Washington State is proposing a bill to ban vaccine exemptions amid a growing measles outbreak.
There are 18 states, including Washington, that allow families to skip the protective shots for philosophical or personal reasons.
But health officials say the spread – with 56 cases confirmed in the Pacific Northwest – have reached epidemic levels that warrant declaring a state of emergency.
Now, Monica Stonier, state representative of Clark County, which has 51 cases and 13 more suspected cases alone, is sponsoring a bipartisan bill that she hopes will curb rates.
The bill would have ‘every child at every public and private school in the state and licensed day care center’ receive the mumps, measles and rubella vaccine unless they have a legitimate medical or religious reason not to.
Health officials say the spread – with 56 cases confirmed in the Pacific Northwest – have reached epidemic levels that warrant declaring a state of emergency
‘Right now, my city is the hotbed for this outbreak,’ Stonier told CBS.
‘It certainly has reached a critical state in my county.’
Stonier said 78 percent of under 18-year-olds are vaccinated in Clark County, which neighbors Portland, Oregon – at least 10 percent lower than the ideal.
Anti-vaccination movements have grown across the country in the last decade, prompting panic from the medical community and fiery hit-backs from parents who say they do not trust the medicine.
People infected with the virus have visited several locations in the Portland-Vancouver area including elementary and high schools, parks, churches, urgent care facilities, a Costco and an IKEA.
Measles is a highly contagious infection caused by the measles virus.
When someone with measles coughs, sneezes or talks, infected droplets are sprayed into the air, where other people can inhale them and are then infected.
Symptoms present themselves between 10 to 14 days after infection and include fever, cough, runny nose and a total-body skin rash.
STATES THAT ALLOW PARENTS TO OPT OUT OF VACCINES BASED ON PHILOSOPHICAL BELIEFS
- Louisiana (except no religious exemptions)
- Minnesota (except no religious exemptions)
- Missouri (only for daycare, not public school)
- North Dakota
STATES THAT RECENTLY REVOKED THIS ALLOWANCE:
- West Virginia
Once common, the disease is now rare due to the MMR (measles, mumps, rubella) vaccine.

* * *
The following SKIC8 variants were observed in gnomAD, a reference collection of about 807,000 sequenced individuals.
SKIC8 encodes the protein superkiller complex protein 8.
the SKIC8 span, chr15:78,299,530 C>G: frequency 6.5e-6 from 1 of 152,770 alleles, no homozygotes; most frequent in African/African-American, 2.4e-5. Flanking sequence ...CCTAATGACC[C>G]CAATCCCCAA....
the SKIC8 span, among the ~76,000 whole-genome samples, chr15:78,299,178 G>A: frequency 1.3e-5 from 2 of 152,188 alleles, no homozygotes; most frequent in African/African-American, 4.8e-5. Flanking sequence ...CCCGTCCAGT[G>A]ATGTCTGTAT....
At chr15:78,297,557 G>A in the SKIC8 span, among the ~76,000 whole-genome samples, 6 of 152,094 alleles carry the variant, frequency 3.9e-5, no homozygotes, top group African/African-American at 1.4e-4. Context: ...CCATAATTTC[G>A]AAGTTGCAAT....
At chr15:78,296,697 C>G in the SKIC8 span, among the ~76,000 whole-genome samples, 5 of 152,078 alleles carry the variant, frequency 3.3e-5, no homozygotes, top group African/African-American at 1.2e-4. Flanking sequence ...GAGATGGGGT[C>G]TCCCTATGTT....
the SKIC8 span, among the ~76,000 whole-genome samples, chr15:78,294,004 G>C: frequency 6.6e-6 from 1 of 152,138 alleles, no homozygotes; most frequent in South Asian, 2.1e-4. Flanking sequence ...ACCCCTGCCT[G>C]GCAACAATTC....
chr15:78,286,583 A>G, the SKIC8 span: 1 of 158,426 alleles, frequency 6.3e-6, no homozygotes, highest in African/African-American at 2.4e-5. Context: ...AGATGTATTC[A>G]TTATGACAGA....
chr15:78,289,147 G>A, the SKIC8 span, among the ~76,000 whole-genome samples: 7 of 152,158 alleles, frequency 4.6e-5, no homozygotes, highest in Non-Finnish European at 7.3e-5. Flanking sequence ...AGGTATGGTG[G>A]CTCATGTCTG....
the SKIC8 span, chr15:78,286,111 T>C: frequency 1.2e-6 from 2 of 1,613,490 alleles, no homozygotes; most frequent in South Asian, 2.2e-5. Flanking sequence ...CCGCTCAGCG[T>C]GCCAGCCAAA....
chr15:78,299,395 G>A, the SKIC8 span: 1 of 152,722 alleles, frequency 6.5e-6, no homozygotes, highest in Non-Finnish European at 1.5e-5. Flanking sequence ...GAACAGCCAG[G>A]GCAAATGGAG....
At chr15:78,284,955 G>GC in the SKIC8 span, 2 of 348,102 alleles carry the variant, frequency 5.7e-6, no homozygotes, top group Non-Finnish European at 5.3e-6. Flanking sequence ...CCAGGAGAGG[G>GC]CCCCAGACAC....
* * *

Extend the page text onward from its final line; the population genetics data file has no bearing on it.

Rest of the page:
The Centers for Disease Control and Prevention (CDC) recommends children receive the first dose at 12 to 15 months old and the second dose at four to six years old.
The vaccine is about 97 percent effective. But those who are unvaccinated have a 90 percent chance of catching measles if they breathe the virus in, the CDC says.
Before the measles vaccine was available, more than 500,000 cases were diagnosed in the US every year, with about 500 annual deaths.
In 2018, 349 cases of measles were confirmed in 26 states and the District of Columbia, the CDC reported.
It is the second-greatest number since measles was considered eliminated in the US in 2000.
A report published by the World Health Organization (WHO) last month said measles has seen a 30 percent increase in cases around the world.
Between September 2017 and August 2018, WHO reported more than 41,000 cases with 40 deaths in EU member states.
Experts say the Portland-area and southwest Washington have become a ‘hotspot’ of the anti-vaccine movement.
State data shows that 85.7 percent of students received all their vaccines for the 2017-18 school year, down from 89.8 percent in the 1999-2000 school year.
Additionally, nearly eight percent of children in Clark County were exempt from getting vaccines required for kindergarten for the 2017-18 school year, according to The Oregonian.
A mere 1.2 percent were for medical reasons, while the rest were for ‘conscientious objector’ or ‘philosophical/personal beliefs’.
Washington is far from the only state to be battling a measles outbreak with cases reported in California, Colorado, Connecticut, Georgia, Hawaii, Illinois, New York, New Jersey, Oregon and Pennsylvania since January 1.
New York has seen some of the highest numbers with 64 children in Williamsburg, Brooklyn, and 130 children and adults in Rockland County falling ill since October 2018 – all in Orthodox Jewish communities.
‘The benefits of the vaccine greatly outweigh the risks,’ said Dan Solmon, the former director of vaccine safety for the Department of Health and Human Services, told CBS.
‘It can cause common problems like otitis media or ear infections, so, you know, measles is a pretty big deal for young children.’